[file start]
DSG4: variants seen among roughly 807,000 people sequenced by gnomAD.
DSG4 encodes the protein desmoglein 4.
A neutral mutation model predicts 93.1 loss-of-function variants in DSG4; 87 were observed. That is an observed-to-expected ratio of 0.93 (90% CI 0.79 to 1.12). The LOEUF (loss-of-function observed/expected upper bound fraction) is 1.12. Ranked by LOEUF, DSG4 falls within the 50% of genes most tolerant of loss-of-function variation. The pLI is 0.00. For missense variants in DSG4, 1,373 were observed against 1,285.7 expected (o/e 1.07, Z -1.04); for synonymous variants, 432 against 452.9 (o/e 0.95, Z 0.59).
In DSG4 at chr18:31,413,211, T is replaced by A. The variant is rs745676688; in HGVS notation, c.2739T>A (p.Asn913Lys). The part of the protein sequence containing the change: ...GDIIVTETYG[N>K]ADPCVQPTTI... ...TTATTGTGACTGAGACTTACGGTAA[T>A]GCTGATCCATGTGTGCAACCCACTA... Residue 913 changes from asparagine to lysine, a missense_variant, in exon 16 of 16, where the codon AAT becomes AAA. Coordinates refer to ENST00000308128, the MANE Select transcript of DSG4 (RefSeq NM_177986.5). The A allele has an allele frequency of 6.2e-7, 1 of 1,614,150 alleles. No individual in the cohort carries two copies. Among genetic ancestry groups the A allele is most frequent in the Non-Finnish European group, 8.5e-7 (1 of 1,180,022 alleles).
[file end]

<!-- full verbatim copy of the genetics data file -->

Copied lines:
DSG4: variants seen among roughly 807,000 people sequenced by gnomAD.
DSG4 encodes the protein desmoglein 4.
A neutral mutation model predicts 93.1 loss-of-function variants in DSG4; 87 were observed. That is an observed-to-expected ratio of 0.93 (90% CI 0.79 to 1.12). The LOEUF (loss-of-function observed/expected upper bound fraction) is 1.12. Ranked by LOEUF, DSG4 falls within the 50% of genes most tolerant of loss-of-function variation. The pLI is 0.00. For missense variants in DSG4, 1,373 were observed against 1,285.7 expected (o/e 1.07, Z -1.04); for synonymous variants, 432 against 452.9 (o/e 0.95, Z 0.59).
In DSG4 at chr18:31,413,211, T is replaced by A. The variant is rs745676688; in HGVS notation, c.2739T>A (p.Asn913Lys). The part of the protein sequence containing the change: ...GDIIVTETYG[N>K]ADPCVQPTTI... ...TTATTGTGACTGAGACTTACGGTAA[T>A]GCTGATCCATGTGTGCAACCCACTA... Residue 913 changes from asparagine to lysine, a missense_variant, in exon 16 of 16, where the codon AAT becomes AAA. Coordinates refer to ENST00000308128, the MANE Select transcript of DSG4 (RefSeq NM_177986.5). The A allele has an allele frequency of 6.2e-7, 1 of 1,614,150 alleles. No individual in the cohort carries two copies. Among genetic ancestry groups the A allele is most frequent in the Non-Finnish European group, 8.5e-7 (1 of 1,180,022 alleles).